Insights Negotiators for the EU institutions reach agreement on new rules allowing cross-border access to online content services


The European Commission has announced a political consensus on the Regulation on ensuring cross-border portability of online content services in the internal market, which it now expects to enter into force at the beginning of 2018. In a series of press releases and FAQs, the Commission confirmed that negotiations between itself, the European Parliament and Council of Ministers concluded with agreement on the form of the new Regulation which will, in the Commission’s words, allow Europeans “to fully use their online subscriptions to films, sports events, e-books, video games or music services when travelling within the EU”.

In the FAQs, the Commission sets out the key practical points arising from the agreed text. The Portability Regulation concerns online content services providing access to films, sports broadcasts, music, e-books and games. It therefore extends to video-on-demand platforms (Netflix, HBO Go, Amazon Prime, Mubi, Chili TV), online TV services (Viasat’s Viaplay, Sky’s Now TV, Voyo), music streaming services (Spotify, Deezer, Google Music) or game online marketplaces (Steam, Origin).

The Commission says the Regulation will “benefit” online platforms since, “they will be able to provide cross-border portability to consumers without having to acquire licences for other territories”. It will also “benefit” right holders who “will be able to rely on strong safeguards which protect their rights against abuses”.

Service providers will have to verify the subscriber’s country of residence. This will be done at the conclusion and renewal of the contract: “Service providers will be able to verify the country of residence on the basis of information such as payment details, payment of a licence fee for broadcasting services, the existence of a contract for internet or telephone connection, IP checks or the subscriber’s declaration about his or her address. The service provider will be able to apply up to two means of verification from the list included in the Regulation.”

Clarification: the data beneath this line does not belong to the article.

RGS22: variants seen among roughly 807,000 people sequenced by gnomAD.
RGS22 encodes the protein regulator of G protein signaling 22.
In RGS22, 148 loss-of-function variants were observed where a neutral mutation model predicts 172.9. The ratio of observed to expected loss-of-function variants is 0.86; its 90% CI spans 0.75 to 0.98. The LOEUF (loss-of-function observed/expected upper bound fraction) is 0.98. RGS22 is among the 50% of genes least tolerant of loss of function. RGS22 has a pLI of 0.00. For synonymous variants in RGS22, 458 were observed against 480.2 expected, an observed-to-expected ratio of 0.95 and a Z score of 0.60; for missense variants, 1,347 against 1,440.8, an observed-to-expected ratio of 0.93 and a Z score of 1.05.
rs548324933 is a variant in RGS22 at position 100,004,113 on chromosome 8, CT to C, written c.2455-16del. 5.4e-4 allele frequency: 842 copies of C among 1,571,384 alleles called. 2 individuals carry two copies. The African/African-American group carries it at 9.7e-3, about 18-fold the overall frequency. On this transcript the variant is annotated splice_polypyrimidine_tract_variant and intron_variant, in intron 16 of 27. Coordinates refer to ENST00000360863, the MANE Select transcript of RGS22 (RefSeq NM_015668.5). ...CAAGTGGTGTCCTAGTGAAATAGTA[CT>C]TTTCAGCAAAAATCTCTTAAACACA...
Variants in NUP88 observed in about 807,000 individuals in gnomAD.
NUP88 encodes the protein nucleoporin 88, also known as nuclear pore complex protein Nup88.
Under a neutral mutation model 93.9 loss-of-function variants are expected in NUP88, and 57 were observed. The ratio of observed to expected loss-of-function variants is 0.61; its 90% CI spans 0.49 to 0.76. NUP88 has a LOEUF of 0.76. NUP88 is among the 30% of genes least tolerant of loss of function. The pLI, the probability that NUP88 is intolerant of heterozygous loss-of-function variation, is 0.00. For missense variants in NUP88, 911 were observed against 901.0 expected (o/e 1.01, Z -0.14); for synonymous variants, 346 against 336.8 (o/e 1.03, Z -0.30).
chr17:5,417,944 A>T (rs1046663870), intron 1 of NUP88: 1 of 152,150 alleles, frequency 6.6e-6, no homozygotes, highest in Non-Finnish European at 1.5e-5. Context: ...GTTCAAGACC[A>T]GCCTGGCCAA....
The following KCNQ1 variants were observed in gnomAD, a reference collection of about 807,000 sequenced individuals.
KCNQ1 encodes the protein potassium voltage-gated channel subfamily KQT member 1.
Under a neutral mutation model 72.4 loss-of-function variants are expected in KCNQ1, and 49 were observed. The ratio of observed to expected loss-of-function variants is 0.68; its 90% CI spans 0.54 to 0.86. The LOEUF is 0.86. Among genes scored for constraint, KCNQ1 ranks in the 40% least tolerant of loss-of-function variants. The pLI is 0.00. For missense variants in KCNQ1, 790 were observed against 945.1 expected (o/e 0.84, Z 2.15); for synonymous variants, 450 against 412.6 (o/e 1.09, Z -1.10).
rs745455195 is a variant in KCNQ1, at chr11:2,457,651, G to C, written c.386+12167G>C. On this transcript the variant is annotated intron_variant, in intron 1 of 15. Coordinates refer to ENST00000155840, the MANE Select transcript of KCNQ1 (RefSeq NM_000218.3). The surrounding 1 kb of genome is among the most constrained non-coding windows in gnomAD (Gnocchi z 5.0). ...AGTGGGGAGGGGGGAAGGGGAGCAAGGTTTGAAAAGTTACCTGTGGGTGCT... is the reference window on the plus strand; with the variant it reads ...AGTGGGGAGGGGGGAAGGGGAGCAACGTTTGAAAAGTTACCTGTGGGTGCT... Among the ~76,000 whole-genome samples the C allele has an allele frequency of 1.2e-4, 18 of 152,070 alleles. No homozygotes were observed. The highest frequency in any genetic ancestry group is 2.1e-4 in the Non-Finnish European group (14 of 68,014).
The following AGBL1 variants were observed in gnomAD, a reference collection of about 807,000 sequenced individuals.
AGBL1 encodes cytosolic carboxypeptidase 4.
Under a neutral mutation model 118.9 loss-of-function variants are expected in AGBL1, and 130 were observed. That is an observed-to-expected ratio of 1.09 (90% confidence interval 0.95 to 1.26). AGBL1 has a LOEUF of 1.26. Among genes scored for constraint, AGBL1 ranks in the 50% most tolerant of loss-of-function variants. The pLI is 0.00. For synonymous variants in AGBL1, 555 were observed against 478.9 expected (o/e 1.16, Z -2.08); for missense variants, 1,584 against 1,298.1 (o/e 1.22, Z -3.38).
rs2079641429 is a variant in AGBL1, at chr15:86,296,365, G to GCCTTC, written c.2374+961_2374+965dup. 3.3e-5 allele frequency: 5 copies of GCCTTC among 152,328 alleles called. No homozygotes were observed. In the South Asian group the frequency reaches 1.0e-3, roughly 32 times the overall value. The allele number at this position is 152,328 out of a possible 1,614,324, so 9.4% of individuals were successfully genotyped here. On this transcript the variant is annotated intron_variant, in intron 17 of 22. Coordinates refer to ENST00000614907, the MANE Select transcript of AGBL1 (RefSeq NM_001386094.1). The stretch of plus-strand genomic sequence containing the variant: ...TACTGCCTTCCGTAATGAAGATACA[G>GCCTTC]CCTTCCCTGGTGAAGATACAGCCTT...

The Regulation does not extend to free services unless the service provider chooses to benefit from the new rules: “Once they opt-in and provide portability under the Regulation, all rules will apply to them in the same manner as for the paid services”.

As the FAQs also highlight, the Regulation will guarantee the portability of online sports subscription services. In other words, the new rules apply: “where sports are part of TV or radio programme available online, where sports are part of the overall online service package, the main feature of which is the provision of works protected by copyright or related rights (e.g. films and series), but also where a sports organiser sets up a dedicated online content service”.

The agreed text must now be formally confirmed by the Council and the European Parliament. Once adopted, the rules will become applicable in all EU Member States by the beginning of 2018 as the Regulation grants providers and right holders a nine-month period to prepare for the application of the new rules. To read the Commission’s announcement “EU to let citizens take their digital services across borders” and for related links, click here.